Twitter-Who? 10 Steps to Creating a Better Professional Online Profile

Heather Yaxley

By Heather Yaxley, Contributor, PR Coversations, Green Banana

How long did you spend considering the 160-characters you chose for your Twitter profile? When was the last time you reviewed—or more important, researched—what this “Twitter-who” statement says about you?

The bio statement is a way of introducing yourself to potential followers and fans—whether they decide to engage is likely to depend on the few seconds spent reading what you’re about. Here are 10 suggestions to consider to help you improve the appeal—and impact—of your Twitter bio:

1. Pick a clear objective. The starting point, as with any other form of professional communication, is the objective. What are you trying to achieve by establishing a Twitter presence? If you are not clear about why you are using Twitter—then take a few minutes to consider what types of comments you write, who you engage with and so on. A quick content analysis should help you review whether the account has a clear purpose. If not, then it’s time to clearly identify what you would like this to be. Twitter (and other social media profiles) represent your shop window and as such, need to present clearly the wares you are offering. For example, are you a provider and sharer of information on particular topics? Do you engage with others around certain interest areas? If so, focus on that as a key objective you’d like to communicate.

2. Practice consistent branding. Ensure that the visual presentation and other aspects of your Twitter homepage reflect the same message. This should include the photograph you have chosen, the colour and other graphical design of the page, as well as the name that you use. I know of someone aiming to break into a professional field who uses a term that you would have to explain to your mother (but would be embarrassed to do so). This might be funny in some circumstances, but it won’t impress those potential employers, customers or followers. Likewise, indicating that you are JoeBloggs96 hardly differentiates you from the crowd. Much better is to create a brand name for yourself online, which is easy to remember and conveys a message.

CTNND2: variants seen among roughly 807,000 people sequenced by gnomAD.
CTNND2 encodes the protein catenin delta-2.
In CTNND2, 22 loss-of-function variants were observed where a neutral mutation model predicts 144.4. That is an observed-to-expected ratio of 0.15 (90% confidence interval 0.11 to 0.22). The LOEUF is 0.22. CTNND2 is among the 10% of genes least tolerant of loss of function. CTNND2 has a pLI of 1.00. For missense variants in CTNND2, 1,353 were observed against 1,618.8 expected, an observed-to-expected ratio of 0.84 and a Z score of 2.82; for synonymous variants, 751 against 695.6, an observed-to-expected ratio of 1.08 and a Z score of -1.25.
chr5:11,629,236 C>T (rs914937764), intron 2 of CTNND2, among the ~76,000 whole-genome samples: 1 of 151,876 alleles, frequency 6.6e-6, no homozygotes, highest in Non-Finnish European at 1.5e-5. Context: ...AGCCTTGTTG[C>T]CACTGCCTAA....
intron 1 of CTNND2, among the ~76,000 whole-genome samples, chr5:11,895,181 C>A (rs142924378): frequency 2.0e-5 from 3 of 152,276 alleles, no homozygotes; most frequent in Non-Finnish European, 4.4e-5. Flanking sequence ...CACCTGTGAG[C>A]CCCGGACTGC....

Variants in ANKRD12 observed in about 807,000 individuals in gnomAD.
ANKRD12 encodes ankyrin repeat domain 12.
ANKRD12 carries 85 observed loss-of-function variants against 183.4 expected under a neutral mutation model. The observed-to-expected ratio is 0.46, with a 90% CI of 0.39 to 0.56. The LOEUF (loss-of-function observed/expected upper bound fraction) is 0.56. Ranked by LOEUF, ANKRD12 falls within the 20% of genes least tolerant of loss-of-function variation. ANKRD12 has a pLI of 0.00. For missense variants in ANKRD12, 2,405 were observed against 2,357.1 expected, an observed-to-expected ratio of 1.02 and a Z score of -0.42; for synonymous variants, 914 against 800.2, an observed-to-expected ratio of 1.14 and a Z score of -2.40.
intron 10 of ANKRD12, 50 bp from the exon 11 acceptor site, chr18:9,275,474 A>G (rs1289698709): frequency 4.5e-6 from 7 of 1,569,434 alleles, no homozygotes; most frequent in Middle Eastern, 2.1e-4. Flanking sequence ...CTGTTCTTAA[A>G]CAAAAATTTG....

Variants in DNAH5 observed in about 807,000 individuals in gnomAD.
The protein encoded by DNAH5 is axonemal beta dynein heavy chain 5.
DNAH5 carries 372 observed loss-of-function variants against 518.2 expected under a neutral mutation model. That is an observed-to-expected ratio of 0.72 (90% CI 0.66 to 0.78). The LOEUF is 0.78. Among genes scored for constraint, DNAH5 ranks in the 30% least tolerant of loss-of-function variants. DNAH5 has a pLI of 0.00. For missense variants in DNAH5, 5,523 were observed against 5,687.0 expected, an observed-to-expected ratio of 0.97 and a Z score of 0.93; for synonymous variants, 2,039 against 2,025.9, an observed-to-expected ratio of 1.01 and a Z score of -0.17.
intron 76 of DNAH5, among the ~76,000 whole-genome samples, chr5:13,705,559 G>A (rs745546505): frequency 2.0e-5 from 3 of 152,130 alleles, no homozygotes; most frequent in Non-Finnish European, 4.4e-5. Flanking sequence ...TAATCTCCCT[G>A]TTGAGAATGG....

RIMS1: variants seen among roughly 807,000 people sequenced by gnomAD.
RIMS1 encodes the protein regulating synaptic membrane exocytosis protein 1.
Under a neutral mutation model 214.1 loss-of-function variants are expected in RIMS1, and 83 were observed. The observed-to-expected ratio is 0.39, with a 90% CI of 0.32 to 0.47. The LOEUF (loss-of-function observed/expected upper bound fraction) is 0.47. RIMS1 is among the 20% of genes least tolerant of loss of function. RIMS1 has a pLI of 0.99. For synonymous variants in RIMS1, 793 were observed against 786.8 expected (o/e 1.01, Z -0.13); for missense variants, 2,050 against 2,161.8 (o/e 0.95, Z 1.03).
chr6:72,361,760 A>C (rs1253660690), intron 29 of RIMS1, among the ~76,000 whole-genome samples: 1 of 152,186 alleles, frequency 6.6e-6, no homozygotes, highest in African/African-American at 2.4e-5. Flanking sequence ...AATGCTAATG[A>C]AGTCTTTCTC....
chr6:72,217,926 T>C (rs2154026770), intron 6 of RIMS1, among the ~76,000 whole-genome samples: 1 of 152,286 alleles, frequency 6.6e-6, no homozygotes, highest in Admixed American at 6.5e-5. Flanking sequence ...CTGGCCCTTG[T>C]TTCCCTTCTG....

3. Be a stickler with keywords. If you work in PR or marketing, your personal account should reflect a professional first impression. It should go without saying that this means avoiding typos, but also be careful about the use of slang or text-speak, if its use wouldn’t be appropriate to your chosen online community. The focus here should be on explaining who you are as a potential contact, employee or consultant. Identify the keywords that relate to your professional persona and incorporate these into your bio. Think about your own unique perspective and ensure you reflect this rather than a bland description.

4. Demonstrate personality. Remember that the point is to make others want to know more about you and engage with what you have to say. It is important to demonstrate your personality and convey clearly what someone could expect if they connect with your Twitter feed. Think about a possible tagline that you could use to summarise yourself in an amusing and human way. You may wish to be mysterious with a line that teases—but be careful as this could serve as a barrier to entry rather than an intriguingly open door.